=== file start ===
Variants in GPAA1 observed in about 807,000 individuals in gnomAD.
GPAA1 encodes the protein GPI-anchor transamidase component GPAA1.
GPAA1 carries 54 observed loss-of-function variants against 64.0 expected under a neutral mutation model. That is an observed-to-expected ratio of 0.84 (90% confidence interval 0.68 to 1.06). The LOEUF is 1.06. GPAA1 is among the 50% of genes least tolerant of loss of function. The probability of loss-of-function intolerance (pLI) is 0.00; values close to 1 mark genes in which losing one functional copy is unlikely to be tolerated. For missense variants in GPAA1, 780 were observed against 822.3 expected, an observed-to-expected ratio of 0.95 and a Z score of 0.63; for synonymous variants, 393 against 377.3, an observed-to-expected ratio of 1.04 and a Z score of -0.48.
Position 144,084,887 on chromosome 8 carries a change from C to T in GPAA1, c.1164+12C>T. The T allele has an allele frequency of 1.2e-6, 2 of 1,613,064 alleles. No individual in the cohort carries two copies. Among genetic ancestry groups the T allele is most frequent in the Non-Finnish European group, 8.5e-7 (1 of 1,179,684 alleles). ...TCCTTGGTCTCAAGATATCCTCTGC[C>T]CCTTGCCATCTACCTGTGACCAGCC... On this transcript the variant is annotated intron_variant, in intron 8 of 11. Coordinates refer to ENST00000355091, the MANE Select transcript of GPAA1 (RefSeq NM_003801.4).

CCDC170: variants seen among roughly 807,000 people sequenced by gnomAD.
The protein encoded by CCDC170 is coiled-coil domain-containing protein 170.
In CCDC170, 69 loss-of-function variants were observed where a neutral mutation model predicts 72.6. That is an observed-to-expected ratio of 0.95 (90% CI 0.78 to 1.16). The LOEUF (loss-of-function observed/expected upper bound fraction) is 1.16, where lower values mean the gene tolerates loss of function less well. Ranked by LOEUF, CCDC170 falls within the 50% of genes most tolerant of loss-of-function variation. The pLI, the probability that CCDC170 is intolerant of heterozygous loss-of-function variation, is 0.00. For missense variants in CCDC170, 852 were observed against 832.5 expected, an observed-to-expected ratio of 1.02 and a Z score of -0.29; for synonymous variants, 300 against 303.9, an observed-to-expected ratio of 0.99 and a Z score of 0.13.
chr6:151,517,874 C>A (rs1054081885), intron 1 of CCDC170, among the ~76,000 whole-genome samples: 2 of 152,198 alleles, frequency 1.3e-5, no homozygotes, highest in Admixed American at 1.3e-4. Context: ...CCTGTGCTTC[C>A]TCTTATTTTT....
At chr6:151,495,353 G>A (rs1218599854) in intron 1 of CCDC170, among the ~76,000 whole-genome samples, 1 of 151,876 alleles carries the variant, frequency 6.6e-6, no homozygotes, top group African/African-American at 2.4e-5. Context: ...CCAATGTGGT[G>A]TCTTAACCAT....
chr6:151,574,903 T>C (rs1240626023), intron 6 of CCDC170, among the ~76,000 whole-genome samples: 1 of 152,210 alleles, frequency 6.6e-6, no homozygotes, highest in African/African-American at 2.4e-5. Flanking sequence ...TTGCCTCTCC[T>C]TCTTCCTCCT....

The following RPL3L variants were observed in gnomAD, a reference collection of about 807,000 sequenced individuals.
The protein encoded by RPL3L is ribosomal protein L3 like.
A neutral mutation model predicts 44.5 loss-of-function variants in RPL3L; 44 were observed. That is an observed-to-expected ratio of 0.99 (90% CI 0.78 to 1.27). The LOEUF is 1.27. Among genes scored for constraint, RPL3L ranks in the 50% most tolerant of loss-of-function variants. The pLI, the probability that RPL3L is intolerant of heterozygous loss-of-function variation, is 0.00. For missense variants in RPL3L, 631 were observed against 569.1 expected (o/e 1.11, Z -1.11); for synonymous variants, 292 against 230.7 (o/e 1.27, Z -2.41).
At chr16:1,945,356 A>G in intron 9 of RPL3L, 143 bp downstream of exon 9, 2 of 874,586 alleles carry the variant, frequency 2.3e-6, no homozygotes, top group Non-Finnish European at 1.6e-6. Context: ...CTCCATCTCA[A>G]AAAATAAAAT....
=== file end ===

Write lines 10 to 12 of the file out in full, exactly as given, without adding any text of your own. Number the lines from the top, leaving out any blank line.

chr6:151,574,903 T>C (rs1240626023), intron 6 of CCDC170, among the ~76,000 whole-genome samples: 1 of 152,210 alleles, frequency 6.6e-6, no homozygotes, highest in African/African-American at 2.4e-5. Flanking sequence ...TTGCCTCTCC[T>C]TCTTCCTCCT....

The following RPL3L variants were observed in gnomAD, a reference collection of about 807,000 sequenced individuals.
The protein encoded by RPL3L is ribosomal protein L3 like.